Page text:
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A food cooperative is a member-owned food store. It is typically set up that in order to shop there at discount prices, each person can become a member if they agree to volunteer a certain amount of time, and essentially they gain an ownership interest in the organization, much like a shareholder of a company.

Since it is prohibited to do business with (biblically prohibited) non-Kosher food, if the food cooperative also sells non-Kosher food (e.g. meat, seafood and the like), is there an issue for a Jew to participate?

On the one hand, the person could be said to be a minority share holder, not unlike owning some McDonald's stock. So they lack real controlling ownership of the company.

On the other hand, a shareholder would not gain any privileges due to his or her ownership of stock. At most they get limited voting rights (depending on the corporate structure). In a food cooperative, they actually work in the co-op with ownership privileges and special access.

Are there issues with being a member of a Food Cooperative in that context?

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"Since it is prohibited to do business with (biblically prohibited) non-Kosher food, if the food cooperative also sells non-Kosher food (e.g. meat, seafood and the like)". I can't open the CRC link, so I'm curious about this prohibition. I thought the only prohibition was handling mixed meat and dairy, not non-kosher items. If that were the case, how could Jews work in supermarkets or grocery stores? –  DanF Jul 17 at 16:30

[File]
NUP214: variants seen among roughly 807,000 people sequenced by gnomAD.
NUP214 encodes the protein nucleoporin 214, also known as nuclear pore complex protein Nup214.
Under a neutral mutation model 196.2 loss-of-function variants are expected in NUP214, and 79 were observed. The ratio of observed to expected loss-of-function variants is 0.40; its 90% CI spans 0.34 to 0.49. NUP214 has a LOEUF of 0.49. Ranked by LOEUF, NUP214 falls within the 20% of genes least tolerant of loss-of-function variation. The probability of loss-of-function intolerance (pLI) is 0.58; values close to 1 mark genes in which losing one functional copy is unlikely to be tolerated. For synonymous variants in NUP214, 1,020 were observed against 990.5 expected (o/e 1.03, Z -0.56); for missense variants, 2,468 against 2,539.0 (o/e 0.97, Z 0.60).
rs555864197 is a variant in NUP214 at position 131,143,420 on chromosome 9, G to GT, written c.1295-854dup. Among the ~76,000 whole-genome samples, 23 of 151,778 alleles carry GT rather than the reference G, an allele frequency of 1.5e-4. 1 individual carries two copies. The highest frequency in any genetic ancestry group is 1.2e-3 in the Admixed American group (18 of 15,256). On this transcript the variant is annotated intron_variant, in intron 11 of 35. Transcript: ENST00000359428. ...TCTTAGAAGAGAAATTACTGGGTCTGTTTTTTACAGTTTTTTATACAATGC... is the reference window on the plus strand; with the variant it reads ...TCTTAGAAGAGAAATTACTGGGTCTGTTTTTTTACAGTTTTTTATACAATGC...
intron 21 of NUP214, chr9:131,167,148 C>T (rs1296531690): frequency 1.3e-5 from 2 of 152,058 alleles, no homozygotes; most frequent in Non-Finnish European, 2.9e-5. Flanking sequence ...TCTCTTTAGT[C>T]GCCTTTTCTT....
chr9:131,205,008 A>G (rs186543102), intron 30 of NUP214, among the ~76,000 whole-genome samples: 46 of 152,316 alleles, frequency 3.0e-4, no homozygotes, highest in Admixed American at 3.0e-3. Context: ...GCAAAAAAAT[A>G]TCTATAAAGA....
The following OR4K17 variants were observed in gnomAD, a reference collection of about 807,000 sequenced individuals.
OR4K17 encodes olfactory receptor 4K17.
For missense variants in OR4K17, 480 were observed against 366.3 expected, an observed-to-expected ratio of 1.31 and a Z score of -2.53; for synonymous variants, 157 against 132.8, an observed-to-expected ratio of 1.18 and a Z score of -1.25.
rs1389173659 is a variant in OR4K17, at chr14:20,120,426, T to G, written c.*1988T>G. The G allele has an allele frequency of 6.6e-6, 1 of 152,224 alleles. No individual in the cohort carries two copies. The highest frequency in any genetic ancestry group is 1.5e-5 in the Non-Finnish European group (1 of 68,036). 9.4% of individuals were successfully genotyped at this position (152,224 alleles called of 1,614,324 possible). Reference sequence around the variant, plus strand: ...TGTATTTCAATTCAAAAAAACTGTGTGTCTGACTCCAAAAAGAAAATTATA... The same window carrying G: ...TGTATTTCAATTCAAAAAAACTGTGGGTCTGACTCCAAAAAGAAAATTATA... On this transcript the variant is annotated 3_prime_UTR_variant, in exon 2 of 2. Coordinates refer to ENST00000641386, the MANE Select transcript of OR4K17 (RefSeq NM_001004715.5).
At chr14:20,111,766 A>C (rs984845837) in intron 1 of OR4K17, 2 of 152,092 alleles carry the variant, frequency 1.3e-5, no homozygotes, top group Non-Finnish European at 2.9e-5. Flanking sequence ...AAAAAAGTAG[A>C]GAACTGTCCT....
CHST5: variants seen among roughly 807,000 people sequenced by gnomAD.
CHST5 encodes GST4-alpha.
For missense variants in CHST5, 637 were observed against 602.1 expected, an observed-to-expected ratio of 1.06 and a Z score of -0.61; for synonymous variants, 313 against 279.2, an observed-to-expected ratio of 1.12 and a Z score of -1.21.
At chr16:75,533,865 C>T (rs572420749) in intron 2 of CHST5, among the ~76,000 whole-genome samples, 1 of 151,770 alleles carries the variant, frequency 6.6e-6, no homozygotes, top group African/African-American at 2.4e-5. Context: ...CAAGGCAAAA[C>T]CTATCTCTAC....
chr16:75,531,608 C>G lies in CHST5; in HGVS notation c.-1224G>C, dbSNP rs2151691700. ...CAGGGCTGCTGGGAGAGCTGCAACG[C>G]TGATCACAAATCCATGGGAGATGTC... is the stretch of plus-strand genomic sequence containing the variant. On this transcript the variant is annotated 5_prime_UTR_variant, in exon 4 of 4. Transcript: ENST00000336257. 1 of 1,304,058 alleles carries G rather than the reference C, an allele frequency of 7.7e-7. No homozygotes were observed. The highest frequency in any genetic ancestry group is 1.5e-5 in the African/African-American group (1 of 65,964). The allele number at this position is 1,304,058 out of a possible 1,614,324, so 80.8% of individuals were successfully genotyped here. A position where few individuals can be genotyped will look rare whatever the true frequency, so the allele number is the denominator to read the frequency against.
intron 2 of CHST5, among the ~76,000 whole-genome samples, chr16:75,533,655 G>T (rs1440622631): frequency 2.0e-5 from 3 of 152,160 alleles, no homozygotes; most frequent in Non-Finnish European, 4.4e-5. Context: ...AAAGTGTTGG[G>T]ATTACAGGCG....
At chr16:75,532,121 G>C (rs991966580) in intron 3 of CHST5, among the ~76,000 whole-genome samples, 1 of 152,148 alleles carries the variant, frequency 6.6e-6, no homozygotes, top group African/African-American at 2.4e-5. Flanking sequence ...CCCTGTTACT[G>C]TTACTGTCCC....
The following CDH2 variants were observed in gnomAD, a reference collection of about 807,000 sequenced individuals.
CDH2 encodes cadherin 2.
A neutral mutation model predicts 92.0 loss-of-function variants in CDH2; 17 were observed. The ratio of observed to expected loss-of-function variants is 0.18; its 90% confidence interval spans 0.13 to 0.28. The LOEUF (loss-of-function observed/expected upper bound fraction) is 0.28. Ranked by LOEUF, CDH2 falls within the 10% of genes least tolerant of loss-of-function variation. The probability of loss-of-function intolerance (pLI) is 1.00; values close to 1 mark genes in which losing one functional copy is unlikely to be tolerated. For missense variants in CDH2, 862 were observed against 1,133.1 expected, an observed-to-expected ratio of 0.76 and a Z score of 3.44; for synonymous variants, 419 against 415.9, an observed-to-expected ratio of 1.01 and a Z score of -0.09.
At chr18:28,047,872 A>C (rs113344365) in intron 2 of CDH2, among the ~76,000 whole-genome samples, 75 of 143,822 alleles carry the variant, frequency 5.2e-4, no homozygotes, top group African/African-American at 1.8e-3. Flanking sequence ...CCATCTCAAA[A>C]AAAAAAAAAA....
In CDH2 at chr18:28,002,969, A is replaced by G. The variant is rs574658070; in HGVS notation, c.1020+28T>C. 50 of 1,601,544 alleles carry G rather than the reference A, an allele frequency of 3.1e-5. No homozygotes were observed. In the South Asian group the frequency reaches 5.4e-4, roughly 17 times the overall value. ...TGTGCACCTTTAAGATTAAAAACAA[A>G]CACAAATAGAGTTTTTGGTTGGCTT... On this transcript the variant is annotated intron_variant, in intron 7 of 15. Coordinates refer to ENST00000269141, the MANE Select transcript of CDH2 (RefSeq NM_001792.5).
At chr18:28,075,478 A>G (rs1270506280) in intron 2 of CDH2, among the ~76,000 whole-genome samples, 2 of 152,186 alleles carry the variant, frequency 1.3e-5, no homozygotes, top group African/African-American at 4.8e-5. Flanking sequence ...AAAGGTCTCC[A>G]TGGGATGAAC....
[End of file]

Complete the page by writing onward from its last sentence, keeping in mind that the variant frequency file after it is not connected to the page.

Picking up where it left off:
@DanF, it is a Rabbinic prohibition to prevent someone from eating from it accidentally. It may not apply to workers, only business where the Jew actually owns the food, but that is a separate question. –  Yishai Jul 17 at 16:56
    
If I understand you correctly, you're saying that a Jew cannot own a store that sells non-kosher food? There are numerous U.S. supermarket chains that are owned by Jews were the supermarket sells non-kosher food. Waldbaum's is / was one. (Though, it's been bought out by A&P, I think, so I don't know who the current owner is.) Jews shopped in these stores. Or, are packaged items under a different category? –  DanF Jul 17 at 17:48
    
@DanF, if a Jew owns such a business, this is a personal religious issue for him. I don't think anybody would say you can't shop there just because the owner is Jewish and they have a trief aisle. –  Yishai Jul 17 at 18:02

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